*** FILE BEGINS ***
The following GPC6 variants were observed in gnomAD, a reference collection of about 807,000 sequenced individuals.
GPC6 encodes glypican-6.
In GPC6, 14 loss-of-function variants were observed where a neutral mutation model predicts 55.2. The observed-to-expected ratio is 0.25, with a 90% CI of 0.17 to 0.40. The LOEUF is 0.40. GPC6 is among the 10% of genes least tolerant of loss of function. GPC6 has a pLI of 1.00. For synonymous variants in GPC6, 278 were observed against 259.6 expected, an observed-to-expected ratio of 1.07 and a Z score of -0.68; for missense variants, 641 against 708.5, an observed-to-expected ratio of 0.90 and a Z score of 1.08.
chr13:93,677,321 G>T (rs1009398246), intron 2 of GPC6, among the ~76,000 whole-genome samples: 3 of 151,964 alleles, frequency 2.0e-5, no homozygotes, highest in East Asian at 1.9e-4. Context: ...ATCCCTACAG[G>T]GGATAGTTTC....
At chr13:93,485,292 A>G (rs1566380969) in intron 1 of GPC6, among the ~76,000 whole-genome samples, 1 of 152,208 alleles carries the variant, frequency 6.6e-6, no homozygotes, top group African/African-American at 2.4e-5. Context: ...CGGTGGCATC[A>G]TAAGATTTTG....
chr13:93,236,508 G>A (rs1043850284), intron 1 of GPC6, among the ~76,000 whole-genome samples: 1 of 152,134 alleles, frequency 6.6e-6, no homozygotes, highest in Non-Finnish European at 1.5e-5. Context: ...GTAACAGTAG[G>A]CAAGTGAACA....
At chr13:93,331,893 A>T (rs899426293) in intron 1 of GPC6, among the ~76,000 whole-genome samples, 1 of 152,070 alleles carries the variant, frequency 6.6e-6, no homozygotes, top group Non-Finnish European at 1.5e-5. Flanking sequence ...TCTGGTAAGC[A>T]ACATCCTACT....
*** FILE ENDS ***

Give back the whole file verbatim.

The following GPC6 variants were observed in gnomAD, a reference collection of about 807,000 sequenced individuals.
GPC6 encodes glypican-6.
In GPC6, 14 loss-of-function variants were observed where a neutral mutation model predicts 55.2. The observed-to-expected ratio is 0.25, with a 90% CI of 0.17 to 0.40. The LOEUF is 0.40. GPC6 is among the 10% of genes least tolerant of loss of function. GPC6 has a pLI of 1.00. For synonymous variants in GPC6, 278 were observed against 259.6 expected, an observed-to-expected ratio of 1.07 and a Z score of -0.68; for missense variants, 641 against 708.5, an observed-to-expected ratio of 0.90 and a Z score of 1.08.
chr13:93,677,321 G>T (rs1009398246), intron 2 of GPC6, among the ~76,000 whole-genome samples: 3 of 151,964 alleles, frequency 2.0e-5, no homozygotes, highest in East Asian at 1.9e-4. Context: ...ATCCCTACAG[G>T]GGATAGTTTC....
At chr13:93,485,292 A>G (rs1566380969) in intron 1 of GPC6, among the ~76,000 whole-genome samples, 1 of 152,208 alleles carries the variant, frequency 6.6e-6, no homozygotes, top group African/African-American at 2.4e-5. Context: ...CGGTGGCATC[A>G]TAAGATTTTG....
chr13:93,236,508 G>A (rs1043850284), intron 1 of GPC6, among the ~76,000 whole-genome samples: 1 of 152,134 alleles, frequency 6.6e-6, no homozygotes, highest in Non-Finnish European at 1.5e-5. Context: ...GTAACAGTAG[G>A]CAAGTGAACA....
At chr13:93,331,893 A>T (rs899426293) in intron 1 of GPC6, among the ~76,000 whole-genome samples, 1 of 152,070 alleles carries the variant, frequency 6.6e-6, no homozygotes, top group Non-Finnish European at 1.5e-5. Flanking sequence ...TCTGGTAAGC[A>T]ACATCCTACT....